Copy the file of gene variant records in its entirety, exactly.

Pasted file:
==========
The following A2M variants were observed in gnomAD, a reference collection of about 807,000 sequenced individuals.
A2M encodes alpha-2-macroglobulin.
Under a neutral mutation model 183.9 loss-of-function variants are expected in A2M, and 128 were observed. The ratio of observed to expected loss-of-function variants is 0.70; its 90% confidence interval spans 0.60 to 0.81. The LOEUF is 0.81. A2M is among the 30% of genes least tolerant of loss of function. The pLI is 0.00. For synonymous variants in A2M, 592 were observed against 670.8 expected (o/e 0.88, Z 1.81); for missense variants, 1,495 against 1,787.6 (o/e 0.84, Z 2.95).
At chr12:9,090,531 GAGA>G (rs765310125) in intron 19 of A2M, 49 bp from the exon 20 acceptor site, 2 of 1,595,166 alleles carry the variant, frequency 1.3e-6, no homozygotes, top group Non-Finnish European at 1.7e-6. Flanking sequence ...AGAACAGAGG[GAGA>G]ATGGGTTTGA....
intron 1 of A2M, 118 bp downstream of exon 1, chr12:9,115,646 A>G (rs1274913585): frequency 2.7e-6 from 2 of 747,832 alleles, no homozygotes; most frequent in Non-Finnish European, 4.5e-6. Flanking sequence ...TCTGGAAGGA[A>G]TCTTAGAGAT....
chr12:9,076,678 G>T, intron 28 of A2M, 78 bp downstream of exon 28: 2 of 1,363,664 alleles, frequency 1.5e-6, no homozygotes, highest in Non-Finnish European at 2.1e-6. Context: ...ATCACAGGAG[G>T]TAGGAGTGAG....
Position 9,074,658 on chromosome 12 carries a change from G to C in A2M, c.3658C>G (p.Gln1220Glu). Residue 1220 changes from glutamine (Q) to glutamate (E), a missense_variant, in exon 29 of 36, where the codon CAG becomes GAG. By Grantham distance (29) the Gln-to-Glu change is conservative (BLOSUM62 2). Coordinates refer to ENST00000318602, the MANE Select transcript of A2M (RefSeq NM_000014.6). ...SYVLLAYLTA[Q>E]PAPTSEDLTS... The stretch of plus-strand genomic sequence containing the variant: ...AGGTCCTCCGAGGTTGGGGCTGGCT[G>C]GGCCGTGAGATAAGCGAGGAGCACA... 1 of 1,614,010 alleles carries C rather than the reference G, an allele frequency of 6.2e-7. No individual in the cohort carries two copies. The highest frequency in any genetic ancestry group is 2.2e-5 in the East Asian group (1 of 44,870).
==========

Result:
The following A2M variants were observed in gnomAD, a reference collection of about 807,000 sequenced individuals.
A2M encodes alpha-2-macroglobulin.
Under a neutral mutation model 183.9 loss-of-function variants are expected in A2M, and 128 were observed. The ratio of observed to expected loss-of-function variants is 0.70; its 90% confidence interval spans 0.60 to 0.81. The LOEUF is 0.81. A2M is among the 30% of genes least tolerant of loss of function. The pLI is 0.00. For synonymous variants in A2M, 592 were observed against 670.8 expected (o/e 0.88, Z 1.81); for missense variants, 1,495 against 1,787.6 (o/e 0.84, Z 2.95).
At chr12:9,090,531 GAGA>G (rs765310125) in intron 19 of A2M, 49 bp from the exon 20 acceptor site, 2 of 1,595,166 alleles carry the variant, frequency 1.3e-6, no homozygotes, top group Non-Finnish European at 1.7e-6. Flanking sequence ...AGAACAGAGG[GAGA>G]ATGGGTTTGA....
intron 1 of A2M, 118 bp downstream of exon 1, chr12:9,115,646 A>G (rs1274913585): frequency 2.7e-6 from 2 of 747,832 alleles, no homozygotes; most frequent in Non-Finnish European, 4.5e-6. Flanking sequence ...TCTGGAAGGA[A>G]TCTTAGAGAT....
chr12:9,076,678 G>T, intron 28 of A2M, 78 bp downstream of exon 28: 2 of 1,363,664 alleles, frequency 1.5e-6, no homozygotes, highest in Non-Finnish European at 2.1e-6. Context: ...ATCACAGGAG[G>T]TAGGAGTGAG....
Position 9,074,658 on chromosome 12 carries a change from G to C in A2M, c.3658C>G (p.Gln1220Glu). Residue 1220 changes from glutamine (Q) to glutamate (E), a missense_variant, in exon 29 of 36, where the codon CAG becomes GAG. By Grantham distance (29) the Gln-to-Glu change is conservative (BLOSUM62 2). Coordinates refer to ENST00000318602, the MANE Select transcript of A2M (RefSeq NM_000014.6). ...SYVLLAYLTA[Q>E]PAPTSEDLTS... The stretch of plus-strand genomic sequence containing the variant: ...AGGTCCTCCGAGGTTGGGGCTGGCT[G>C]GGCCGTGAGATAAGCGAGGAGCACA... 1 of 1,614,010 alleles carries C rather than the reference G, an allele frequency of 6.2e-7. No individual in the cohort carries two copies. The highest frequency in any genetic ancestry group is 2.2e-5 in the East Asian group (1 of 44,870).